Characterization of membrane viscosity changes with the novel molecular rotor FCVJ

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Characterization of membrane viscosity changes with the novel molecular rotor FCVJ

Please use this identifier to cite or link to this item: http://hdl.handle.net/10355/4973

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dc.contributor.advisor Haidekker, Mark A., 1963- en
dc.contributor.author Nipper, Matthew Edward en_US
dc.date.accessioned 2010-01-12T19:07:32Z
dc.date.available 2010-01-12T19:07:32Z
dc.date.issued 2007 en_US
dc.date.submitted 2007 Summer en
dc.identifier.other NipperM-040109-T7708 en_US
dc.identifier.uri http://hdl.handle.net/10355/4973
dc.description The entire dissertation/thesis text is included in the research.pdf file; the official abstract appears in the short.pdf file (which also appears in the research.pdf); a non-technical general description, or public abstract, appears in the public.pdf file. en_US
dc.description Title from title screen of research.pdf file (viewed on May 12, 2009) en_US
dc.description Includes bibliographical references. en_US
dc.description Thesis (M.S.) University of Missouri-Columbia 2007. en_US
dc.description Dissertations, Academic -- University of Missouri--Columbia -- Biological engineering. en_US
dc.description.abstract Membrane viscosity can be defined as the "thickness" of a cell membrane. Membrane viscosity conditions are a useful indicator of cell health. Many diseases have been reported to induce changes in afflicted cell membrane viscosity. Characterizing membrane viscosity will provide researchers and clinicians with a valuable tool in diagnosing the onset and progression of diseases. Molecular rotors are fluorescent molecules that have been shown to exhibit viscosity sensitive DLPC liposomes were formed with the molecular rotor FCVJ incorporated into the membrane. A cuvette with liposomes was excited at 460 nm under fluorescent spectroscopy and intensity values were recorded. The procedure was repeated for a 2% cyclohexane/sucrose solution. Peak emissions were compared and the cyclohexane fluidized the membrane resulting in a statistically significant reduction in intensity. To achieve a converse effect, a 20% (v/v) Cholesterol/DLPC mixture was used to produce liposomes in the presence of sucrose solution. Intensity values were compared to those of the control group for the cyclohexane experiments. The intensity values for the cholesterol group were higher than control. The liposomes used in this experiment are a suitable model for the mammalian cell membrane in both size and physical similarities. This previously undocumented method for characterizing membrane conditions provides a qualitative method of measuring changes in membrane viscosity. en_US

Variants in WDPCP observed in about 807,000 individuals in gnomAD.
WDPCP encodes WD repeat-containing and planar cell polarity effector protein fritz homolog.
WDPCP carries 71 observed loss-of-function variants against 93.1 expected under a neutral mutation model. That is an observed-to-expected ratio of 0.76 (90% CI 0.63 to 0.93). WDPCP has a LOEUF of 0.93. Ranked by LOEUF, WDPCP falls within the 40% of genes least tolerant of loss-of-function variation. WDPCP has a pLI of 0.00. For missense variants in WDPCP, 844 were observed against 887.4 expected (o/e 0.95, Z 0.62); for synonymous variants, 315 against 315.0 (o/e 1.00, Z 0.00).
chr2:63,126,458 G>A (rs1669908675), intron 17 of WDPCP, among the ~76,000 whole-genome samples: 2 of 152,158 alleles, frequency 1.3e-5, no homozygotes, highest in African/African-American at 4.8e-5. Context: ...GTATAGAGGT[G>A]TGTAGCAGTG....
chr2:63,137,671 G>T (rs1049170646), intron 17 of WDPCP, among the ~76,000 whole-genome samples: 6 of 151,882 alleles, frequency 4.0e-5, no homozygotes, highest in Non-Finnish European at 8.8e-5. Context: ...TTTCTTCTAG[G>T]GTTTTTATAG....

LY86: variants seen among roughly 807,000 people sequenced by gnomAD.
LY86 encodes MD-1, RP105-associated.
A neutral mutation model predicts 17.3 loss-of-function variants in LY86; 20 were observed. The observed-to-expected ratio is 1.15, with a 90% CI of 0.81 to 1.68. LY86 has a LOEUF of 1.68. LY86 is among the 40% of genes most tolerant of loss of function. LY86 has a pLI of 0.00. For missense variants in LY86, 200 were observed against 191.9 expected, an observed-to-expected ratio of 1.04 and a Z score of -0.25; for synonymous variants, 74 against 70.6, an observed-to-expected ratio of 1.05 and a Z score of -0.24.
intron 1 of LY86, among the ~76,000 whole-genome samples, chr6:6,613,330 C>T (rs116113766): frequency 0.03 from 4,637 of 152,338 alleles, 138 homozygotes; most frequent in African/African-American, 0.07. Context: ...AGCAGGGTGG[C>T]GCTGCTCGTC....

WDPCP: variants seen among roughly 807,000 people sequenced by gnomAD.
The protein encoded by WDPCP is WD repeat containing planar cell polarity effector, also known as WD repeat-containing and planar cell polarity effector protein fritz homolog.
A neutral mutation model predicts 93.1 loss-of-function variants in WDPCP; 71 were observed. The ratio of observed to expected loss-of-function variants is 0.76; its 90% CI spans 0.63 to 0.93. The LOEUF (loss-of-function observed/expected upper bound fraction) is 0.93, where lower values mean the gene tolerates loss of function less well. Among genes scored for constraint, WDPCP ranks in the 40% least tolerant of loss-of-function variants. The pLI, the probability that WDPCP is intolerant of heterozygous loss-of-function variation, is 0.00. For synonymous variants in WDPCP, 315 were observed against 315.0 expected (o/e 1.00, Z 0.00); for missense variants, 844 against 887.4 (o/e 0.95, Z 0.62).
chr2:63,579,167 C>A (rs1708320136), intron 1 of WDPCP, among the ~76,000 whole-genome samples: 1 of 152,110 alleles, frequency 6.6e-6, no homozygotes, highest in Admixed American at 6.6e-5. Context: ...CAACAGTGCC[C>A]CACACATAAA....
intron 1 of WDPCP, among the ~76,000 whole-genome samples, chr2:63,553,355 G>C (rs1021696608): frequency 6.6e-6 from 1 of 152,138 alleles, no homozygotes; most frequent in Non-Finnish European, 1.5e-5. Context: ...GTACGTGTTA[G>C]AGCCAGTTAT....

dc.language.iso en_US en_US
dc.publisher University of Missouri--Columbia en_US
dc.subject.lcsh Viscosity en_US
dc.subject.lcsh Membranes (Biology) -- Fluidity en_US
dc.subject.lcsh Cell interaction en_US
dc.title Characterization of membrane viscosity changes with the novel molecular rotor FCVJ en_US
dc.type Thesis en_US
thesis.degree.discipline Biological engineering en_US
thesis.degree.grantor University of Missouri--Columbia en_US
thesis.degree.name M.S. en_US
thesis.degree.level Masters en_US
dc.identifier.merlin .b67519660 en_US
dc.identifier.oclc 320835608 en_US
dc.relation.ispartofcommunity University of Missouri-Columbia. Graduate School. Theses and Dissertations. Theses. 2007 Theses
dc.relation.ispartofcollection 2007 Freely available theses (MU)


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